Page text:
No client likes to have a human rights application brought against it before the Ontario Human Rights Tribunal. And no client is happy to hear that even if it is successful and fully exonerated, there is no real scope for recovering legal costs incurred in defending the application. What may just be an unhappy cost of doing business for organizations is even more problematic for individual Respondents however, as they may be saddled with large legal bills and have no real recourse against the Applicant. This can be particularly problematic under the current human rights scheme in Ontario, where Applicants can bring forward complaints without incurring the cost of retaining legal counsel or paying any filing fees, and without any screening of the legitimacy of the complaint by the Tribunal. In relation to the awarding of costs, however, the situation may be about to change.
Bill 147, Human Rights Code Amendment Act (Awarding of Costs), 2013 (“Bill 147″) is a Private Member’s bill brought forward by Randy Hillier, a Progressive Conservative MPP. Bill 147 would amend the Ontario Human Rights Code to permit the Tribunal to order costs in favour of a successful party, either by way of fixing costs or assessing costs. Given that Bill 147 is a Private Member’s bill brought by the a member of the Official Opposition, ordinarily it would stand little chance of being enacted into law. That said, Bill 147 passed First Reading in the Ontario Legislature in December 2013, so there is clearly some appetite by the Government to consider this issue.
Even if Bill 147 is ultimately passed, the Tribunal may be hesitant to make adverse costs awards against individuals or those with limited means. That said, there will at least be the prospect that a Respondent falsely accused of discrimination or harassment will have some degree of recourse. Of course, it also means that a successful Applicant can seek to recover costs against a Respondent found in violation of the Code.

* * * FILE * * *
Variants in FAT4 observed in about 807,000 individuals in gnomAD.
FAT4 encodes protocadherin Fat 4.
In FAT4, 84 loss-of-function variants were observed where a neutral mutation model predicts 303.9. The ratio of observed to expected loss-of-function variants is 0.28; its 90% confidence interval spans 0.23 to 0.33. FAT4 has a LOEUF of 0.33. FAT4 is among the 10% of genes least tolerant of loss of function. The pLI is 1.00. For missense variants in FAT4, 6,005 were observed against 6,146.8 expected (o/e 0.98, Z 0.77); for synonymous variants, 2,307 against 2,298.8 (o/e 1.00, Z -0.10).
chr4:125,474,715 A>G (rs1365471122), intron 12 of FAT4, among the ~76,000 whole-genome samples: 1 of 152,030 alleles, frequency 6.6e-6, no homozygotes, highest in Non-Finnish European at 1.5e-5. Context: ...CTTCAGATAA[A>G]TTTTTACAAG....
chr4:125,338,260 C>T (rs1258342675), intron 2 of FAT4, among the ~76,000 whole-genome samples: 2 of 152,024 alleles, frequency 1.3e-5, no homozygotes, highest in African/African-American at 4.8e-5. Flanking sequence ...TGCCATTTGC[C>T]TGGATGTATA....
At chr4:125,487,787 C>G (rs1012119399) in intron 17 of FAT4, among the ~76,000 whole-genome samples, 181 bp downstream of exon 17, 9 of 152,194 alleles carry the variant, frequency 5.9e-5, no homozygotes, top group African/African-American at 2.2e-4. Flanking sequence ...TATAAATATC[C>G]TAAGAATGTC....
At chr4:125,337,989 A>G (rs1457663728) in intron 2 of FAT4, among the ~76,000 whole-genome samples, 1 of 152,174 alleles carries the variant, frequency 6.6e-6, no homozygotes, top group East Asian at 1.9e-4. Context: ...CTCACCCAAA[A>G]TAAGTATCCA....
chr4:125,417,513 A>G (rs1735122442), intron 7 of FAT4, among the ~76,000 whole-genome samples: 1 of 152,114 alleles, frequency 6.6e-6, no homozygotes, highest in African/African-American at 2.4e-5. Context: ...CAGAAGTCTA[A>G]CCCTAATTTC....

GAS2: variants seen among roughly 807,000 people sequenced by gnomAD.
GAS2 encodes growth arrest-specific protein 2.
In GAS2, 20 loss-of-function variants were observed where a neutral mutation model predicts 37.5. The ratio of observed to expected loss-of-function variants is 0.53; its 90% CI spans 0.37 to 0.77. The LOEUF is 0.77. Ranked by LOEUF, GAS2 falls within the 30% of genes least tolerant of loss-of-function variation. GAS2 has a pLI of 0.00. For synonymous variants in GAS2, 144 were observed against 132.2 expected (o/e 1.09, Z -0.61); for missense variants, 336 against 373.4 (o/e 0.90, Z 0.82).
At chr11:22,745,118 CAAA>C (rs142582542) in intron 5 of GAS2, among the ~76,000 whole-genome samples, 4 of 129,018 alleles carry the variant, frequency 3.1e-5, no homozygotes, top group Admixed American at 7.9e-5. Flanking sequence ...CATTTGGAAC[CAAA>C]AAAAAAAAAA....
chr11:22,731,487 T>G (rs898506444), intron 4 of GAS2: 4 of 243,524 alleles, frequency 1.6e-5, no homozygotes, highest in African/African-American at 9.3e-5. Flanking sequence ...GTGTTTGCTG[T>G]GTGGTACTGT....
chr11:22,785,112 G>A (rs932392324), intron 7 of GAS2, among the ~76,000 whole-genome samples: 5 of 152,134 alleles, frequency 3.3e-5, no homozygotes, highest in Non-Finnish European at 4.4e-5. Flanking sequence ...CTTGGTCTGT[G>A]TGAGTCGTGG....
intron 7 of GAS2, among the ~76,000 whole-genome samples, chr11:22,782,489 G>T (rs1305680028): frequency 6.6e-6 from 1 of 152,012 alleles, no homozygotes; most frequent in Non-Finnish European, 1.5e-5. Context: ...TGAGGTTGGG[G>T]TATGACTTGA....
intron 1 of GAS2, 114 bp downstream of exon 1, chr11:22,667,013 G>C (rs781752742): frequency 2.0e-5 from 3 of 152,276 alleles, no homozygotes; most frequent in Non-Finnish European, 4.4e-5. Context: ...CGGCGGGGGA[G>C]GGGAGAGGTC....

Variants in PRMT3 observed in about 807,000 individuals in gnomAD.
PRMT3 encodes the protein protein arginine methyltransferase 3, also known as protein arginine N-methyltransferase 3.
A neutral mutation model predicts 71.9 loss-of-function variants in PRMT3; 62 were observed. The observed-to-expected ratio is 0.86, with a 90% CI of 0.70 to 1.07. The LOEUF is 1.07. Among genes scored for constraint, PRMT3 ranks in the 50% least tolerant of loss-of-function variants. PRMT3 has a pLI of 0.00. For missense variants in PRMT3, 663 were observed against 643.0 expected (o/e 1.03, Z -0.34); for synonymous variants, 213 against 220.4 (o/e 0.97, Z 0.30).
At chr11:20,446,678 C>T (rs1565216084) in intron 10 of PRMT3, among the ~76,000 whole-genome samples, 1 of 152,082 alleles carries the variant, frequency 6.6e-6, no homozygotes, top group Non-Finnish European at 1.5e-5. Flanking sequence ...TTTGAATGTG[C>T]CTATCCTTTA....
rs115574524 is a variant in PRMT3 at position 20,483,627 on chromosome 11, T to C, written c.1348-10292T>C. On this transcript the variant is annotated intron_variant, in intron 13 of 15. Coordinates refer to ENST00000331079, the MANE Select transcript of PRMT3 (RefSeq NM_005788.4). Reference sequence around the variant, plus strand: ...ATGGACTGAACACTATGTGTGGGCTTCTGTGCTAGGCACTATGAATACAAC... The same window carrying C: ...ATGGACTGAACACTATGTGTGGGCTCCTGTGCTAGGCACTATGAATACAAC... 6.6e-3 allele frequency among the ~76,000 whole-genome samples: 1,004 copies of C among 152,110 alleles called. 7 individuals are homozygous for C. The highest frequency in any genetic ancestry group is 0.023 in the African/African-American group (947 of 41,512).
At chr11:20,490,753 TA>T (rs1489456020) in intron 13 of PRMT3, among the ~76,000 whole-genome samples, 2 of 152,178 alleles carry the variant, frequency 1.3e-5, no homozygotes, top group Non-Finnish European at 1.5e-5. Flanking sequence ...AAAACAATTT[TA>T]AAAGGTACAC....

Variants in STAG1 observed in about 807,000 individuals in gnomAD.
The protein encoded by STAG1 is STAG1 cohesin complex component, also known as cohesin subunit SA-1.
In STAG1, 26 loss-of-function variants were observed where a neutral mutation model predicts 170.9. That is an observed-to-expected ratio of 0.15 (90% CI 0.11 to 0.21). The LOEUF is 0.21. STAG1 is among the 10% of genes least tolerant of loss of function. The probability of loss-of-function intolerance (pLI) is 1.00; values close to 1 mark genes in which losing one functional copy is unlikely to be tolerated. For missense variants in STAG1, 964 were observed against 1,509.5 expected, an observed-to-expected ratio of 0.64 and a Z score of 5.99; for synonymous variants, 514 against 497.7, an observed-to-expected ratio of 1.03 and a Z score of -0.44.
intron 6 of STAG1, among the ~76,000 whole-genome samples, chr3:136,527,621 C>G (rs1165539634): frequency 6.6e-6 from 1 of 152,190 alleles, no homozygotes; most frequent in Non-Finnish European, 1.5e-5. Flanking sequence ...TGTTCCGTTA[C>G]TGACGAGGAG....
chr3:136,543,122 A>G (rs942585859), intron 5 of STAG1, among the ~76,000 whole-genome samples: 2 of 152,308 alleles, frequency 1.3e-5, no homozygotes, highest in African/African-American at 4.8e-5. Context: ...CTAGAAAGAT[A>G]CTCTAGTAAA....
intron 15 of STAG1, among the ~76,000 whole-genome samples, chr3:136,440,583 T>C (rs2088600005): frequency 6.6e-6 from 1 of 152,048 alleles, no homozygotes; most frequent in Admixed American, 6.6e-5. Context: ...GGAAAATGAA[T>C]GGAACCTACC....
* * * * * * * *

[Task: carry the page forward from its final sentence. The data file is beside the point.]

Bill 147 has not yet progressed beyond First Reading. Bill 147 can be reviewed at the following link.
For more information, visit our Employment and Labour blog at www.employmentandlabour.com
Dentons is a global firm driven to provide you with the competitive edge in an increasingly complex and interconnected marketplace. We were formed by the March 2013 combination of international law firm Salans LLP, Canadian law firm Fraser Milner Casgrain LLP (FMC) and international law firm SNR Denton.
Dentons is built on the solid foundations of three highly regarded law firms. Each built its outstanding reputation and valued clientele by responding to the local, regional and national needs of a broad spectrum of clients of all sizes – individuals; entrepreneurs; small businesses and start-ups; local, regional and national governments and government agencies; and mid-sized and larger private and public corporations, including international and global entities.
Now clients benefit from more than 2,500 lawyers and professionals in 79 locations in 52 countries across Africa, Asia Pacific, Canada, Central Asia, Europe, the Middle East, Russia and the CIS, the UK and the US who are committed to challenging the status quo to offer creative, actionable business and legal solutions.
Article by Catherine Coulter